praetorian123 wrote:
MartinMag wrote:
Official answer is A.

I think "which" references "integration" because is the closer noun.


Why do you think C is wrong? Is it maybe because integration should be closer to "which" than "significantly" ?


Martin,

The "increases" in housing integration ...."reduce" the need

for busing..

"which" should refer to " increases"

comments please

thanks
praetorian



Praet:

C reads: "increase housing integration significantly, which, in turn, reduces"


"which" should reference "integration", that way "reduces" is ok


My question is: the fact that we have "significantly" between "which" and "integration" could make this answer wrong? If not.. why is it wrong then?


Thougths??

Martin
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 [#permalink] New post 29 Nov 2003, 14:16
MartinMag wrote:
praetorian123 wrote:
MartinMag wrote:
Official answer is A.

I think "which" references "integration" because is the closer noun.


Why do you think C is wrong? Is it maybe because integration should be closer to "which" than "significantly" ?


Martin,

The "increases" in housing integration ...."reduce" the need

for busing..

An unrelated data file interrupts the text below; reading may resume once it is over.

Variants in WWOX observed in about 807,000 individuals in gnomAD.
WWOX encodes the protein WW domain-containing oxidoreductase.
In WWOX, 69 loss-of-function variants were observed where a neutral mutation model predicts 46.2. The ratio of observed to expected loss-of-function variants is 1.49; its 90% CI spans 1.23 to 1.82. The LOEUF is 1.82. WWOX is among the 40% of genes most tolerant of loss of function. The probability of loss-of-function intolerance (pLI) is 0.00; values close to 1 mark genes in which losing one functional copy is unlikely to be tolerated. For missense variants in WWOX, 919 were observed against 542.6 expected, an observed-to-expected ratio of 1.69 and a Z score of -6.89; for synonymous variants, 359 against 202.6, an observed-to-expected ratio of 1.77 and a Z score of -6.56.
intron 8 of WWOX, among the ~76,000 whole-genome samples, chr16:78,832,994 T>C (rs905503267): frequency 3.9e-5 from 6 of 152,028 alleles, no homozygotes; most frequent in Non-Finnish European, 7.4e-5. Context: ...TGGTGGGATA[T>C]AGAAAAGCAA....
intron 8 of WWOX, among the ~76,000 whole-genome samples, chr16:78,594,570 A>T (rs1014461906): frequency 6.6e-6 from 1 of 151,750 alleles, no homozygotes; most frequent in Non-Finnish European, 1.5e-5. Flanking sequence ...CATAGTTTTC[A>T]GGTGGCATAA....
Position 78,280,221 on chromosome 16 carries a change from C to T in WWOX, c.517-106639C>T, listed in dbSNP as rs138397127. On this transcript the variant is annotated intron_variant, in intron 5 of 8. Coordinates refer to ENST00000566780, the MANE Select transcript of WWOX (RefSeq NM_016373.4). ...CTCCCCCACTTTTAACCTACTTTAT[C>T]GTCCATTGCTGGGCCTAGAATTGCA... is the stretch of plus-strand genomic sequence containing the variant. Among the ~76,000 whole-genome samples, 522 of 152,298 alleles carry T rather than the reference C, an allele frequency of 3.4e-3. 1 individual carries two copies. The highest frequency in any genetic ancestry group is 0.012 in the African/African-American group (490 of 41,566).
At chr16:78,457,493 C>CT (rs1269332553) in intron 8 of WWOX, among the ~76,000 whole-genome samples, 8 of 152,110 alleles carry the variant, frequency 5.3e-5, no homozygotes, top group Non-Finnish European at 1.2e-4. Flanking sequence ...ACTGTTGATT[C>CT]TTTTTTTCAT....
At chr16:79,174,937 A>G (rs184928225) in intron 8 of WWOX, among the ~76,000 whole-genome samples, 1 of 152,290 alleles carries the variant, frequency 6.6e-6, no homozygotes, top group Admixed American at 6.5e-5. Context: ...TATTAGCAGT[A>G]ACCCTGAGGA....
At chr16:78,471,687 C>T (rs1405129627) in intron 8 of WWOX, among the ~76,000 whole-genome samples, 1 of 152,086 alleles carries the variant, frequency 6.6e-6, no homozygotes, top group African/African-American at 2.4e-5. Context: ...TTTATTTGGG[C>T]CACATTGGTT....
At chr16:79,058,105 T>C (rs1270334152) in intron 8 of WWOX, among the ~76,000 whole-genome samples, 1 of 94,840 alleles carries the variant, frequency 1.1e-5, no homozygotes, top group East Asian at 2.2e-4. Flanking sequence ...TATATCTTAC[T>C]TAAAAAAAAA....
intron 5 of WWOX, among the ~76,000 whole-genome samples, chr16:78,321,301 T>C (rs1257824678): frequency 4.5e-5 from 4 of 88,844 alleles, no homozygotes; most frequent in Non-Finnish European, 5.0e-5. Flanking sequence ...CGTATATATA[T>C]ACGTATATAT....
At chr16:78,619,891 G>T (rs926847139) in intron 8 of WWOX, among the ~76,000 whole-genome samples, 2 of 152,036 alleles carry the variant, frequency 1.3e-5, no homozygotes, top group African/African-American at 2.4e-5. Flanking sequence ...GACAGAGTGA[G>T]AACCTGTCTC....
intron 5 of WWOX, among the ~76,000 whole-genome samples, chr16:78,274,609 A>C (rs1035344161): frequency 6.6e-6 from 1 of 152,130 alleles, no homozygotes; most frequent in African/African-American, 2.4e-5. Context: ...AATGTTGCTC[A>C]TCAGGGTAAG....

"which" should refer to " increases"

comments please

thanks
praetorian



Praet:

C reads: "increase housing integration significantly, which, in turn, reduces"


"which" should reference "integration", that way "reduces" is ok


My question is: the fact that we have "significantly" between "which" and "integration" could make this answer wrong? If not.. why is it wrong then?


Thougths??

Martin


sorry martin, i was still debating the answer...i didnt see your comment about C.

anyways...i think significantly should not be a problem...since which

refers to a noun... in C , the noun is HOUSING INTEGRATION...

IT is the INCREASES in housing integration that may Reduce the

need for busing...

C changes the intended meaning of the sentence...

see it yet?

thanks
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 [#permalink] New post 29 Nov 2003, 14:26
But if "which" references "increases" then A (the official answer) should be wrong because it uses "reduces" instead of "reduce".


:?
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 [#permalink] New post 29 Nov 2003, 15:11
MartinMag wrote:
But if "which" references "increases" then A (the official answer) should be wrong because it uses "reduces" instead of "reduce".


:?


Thats why i picked D..

see any problem with D.

thanks
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 [#permalink] New post 30 Nov 2003, 01:31
praetorian123 wrote:
MartinMag wrote:
But if "which" references "increases" then A (the official answer) should be wrong because it uses "reduces" instead of "reduce".


:?


Thats why i picked D..

see any problem with D.

thanks
praetorian


D looks correct to me. Everything seems to refer back to "plans"
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 [#permalink] New post 01 Dec 2003, 22:23
A employs plural INCREASES--sounds a bit awkward.
D is a real alternative.
  [#permalink] 01 Dec 2003, 22:23